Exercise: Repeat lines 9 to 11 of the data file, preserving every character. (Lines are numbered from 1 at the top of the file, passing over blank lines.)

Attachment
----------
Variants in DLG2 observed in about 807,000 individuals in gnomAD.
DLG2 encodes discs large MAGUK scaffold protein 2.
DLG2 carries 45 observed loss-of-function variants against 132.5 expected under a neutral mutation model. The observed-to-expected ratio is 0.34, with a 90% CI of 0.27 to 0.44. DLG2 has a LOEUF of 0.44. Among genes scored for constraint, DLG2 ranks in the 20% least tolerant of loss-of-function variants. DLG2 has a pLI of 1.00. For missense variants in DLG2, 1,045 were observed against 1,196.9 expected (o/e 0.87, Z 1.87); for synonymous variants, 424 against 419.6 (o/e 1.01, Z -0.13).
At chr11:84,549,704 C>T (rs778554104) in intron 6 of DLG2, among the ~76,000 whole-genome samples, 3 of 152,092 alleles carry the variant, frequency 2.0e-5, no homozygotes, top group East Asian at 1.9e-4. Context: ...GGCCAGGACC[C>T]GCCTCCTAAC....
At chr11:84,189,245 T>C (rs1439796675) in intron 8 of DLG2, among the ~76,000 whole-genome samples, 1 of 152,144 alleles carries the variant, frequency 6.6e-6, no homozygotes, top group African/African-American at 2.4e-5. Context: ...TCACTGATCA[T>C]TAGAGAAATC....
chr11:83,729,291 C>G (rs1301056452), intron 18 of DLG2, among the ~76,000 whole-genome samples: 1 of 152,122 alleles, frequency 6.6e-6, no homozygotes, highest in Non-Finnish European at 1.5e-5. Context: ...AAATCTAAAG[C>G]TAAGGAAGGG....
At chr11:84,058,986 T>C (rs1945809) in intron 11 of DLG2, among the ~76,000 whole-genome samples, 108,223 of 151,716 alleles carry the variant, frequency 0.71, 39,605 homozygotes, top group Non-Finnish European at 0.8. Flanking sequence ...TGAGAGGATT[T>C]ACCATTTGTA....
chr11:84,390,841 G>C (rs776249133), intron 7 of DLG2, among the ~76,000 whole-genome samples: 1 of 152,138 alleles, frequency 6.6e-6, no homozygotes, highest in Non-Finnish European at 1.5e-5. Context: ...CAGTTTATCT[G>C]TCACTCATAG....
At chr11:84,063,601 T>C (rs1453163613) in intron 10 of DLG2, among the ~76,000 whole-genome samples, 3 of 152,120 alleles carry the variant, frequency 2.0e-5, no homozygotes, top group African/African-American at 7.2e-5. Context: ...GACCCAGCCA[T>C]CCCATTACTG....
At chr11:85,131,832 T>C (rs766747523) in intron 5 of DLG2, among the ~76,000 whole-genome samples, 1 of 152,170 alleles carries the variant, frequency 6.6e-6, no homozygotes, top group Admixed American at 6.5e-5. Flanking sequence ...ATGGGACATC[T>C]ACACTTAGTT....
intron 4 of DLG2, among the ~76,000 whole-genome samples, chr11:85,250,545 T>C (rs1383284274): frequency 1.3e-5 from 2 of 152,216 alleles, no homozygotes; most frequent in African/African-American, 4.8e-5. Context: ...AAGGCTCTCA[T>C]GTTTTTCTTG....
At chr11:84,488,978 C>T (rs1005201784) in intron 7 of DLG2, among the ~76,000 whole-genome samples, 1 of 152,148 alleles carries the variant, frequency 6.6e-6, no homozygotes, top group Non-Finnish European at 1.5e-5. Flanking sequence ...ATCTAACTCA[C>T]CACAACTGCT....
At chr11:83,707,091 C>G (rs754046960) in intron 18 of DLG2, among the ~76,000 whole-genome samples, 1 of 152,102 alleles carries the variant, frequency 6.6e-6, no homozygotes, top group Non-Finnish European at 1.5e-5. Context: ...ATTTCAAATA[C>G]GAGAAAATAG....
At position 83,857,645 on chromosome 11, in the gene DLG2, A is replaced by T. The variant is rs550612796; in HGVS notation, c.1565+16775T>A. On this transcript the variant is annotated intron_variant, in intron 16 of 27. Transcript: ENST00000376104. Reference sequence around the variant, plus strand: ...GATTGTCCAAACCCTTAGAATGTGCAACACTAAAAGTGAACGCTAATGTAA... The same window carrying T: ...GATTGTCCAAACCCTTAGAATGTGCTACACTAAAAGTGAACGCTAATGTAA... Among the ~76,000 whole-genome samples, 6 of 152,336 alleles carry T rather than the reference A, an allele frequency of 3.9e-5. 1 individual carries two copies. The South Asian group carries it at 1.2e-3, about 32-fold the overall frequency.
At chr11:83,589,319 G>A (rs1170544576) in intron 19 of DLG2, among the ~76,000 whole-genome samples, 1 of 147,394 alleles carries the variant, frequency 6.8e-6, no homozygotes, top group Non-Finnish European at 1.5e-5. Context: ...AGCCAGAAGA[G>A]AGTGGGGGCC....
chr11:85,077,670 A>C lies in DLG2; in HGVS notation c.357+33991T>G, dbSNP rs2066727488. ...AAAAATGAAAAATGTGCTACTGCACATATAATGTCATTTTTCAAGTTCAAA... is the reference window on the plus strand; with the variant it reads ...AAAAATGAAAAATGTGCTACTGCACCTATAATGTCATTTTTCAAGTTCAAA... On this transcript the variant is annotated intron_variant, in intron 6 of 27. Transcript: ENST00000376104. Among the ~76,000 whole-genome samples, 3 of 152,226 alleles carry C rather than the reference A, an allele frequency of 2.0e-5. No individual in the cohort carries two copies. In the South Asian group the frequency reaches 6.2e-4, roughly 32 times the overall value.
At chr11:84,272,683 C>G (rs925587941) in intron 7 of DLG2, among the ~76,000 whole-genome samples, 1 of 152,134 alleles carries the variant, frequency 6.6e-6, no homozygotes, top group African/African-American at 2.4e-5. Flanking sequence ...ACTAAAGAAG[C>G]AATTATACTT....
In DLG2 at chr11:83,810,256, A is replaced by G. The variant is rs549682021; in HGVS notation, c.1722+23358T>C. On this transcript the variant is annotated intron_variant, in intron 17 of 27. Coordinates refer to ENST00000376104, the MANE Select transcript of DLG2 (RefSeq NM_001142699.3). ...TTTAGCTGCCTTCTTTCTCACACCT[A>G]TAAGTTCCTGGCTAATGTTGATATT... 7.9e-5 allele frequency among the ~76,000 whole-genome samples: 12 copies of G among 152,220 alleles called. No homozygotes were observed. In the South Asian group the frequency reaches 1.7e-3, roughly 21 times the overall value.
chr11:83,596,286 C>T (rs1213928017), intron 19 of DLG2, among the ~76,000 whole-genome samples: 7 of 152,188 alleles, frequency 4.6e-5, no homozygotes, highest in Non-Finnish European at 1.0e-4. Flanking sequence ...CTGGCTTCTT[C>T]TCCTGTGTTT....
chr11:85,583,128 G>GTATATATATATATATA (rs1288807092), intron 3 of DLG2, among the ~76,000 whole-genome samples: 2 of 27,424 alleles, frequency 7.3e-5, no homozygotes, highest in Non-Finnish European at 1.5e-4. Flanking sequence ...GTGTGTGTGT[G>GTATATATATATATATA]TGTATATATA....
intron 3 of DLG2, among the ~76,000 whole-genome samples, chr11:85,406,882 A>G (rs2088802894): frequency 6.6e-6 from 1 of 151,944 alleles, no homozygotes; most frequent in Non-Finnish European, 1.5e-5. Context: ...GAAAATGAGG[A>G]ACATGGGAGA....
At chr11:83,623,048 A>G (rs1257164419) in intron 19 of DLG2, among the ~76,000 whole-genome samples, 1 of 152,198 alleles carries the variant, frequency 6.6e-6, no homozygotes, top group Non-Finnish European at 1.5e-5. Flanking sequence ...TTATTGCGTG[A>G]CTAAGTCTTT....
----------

At chr11:84,063,601 T>C (rs1453163613) in intron 10 of DLG2, among the ~76,000 whole-genome samples, 3 of 152,120 alleles carry the variant, frequency 2.0e-5, no homozygotes, top group African/African-American at 7.2e-5. Context: ...GACCCAGCCA[T>C]CCCATTACTG....
At chr11:85,131,832 T>C (rs766747523) in intron 5 of DLG2, among the ~76,000 whole-genome samples, 1 of 152,170 alleles carries the variant, frequency 6.6e-6, no homozygotes, top group Admixed American at 6.5e-5. Flanking sequence ...ATGGGACATC[T>C]ACACTTAGTT....
intron 4 of DLG2, among the ~76,000 whole-genome samples, chr11:85,250,545 T>C (rs1383284274): frequency 1.3e-5 from 2 of 152,216 alleles, no homozygotes; most frequent in African/African-American, 4.8e-5. Context: ...AAGGCTCTCA[T>C]GTTTTTCTTG....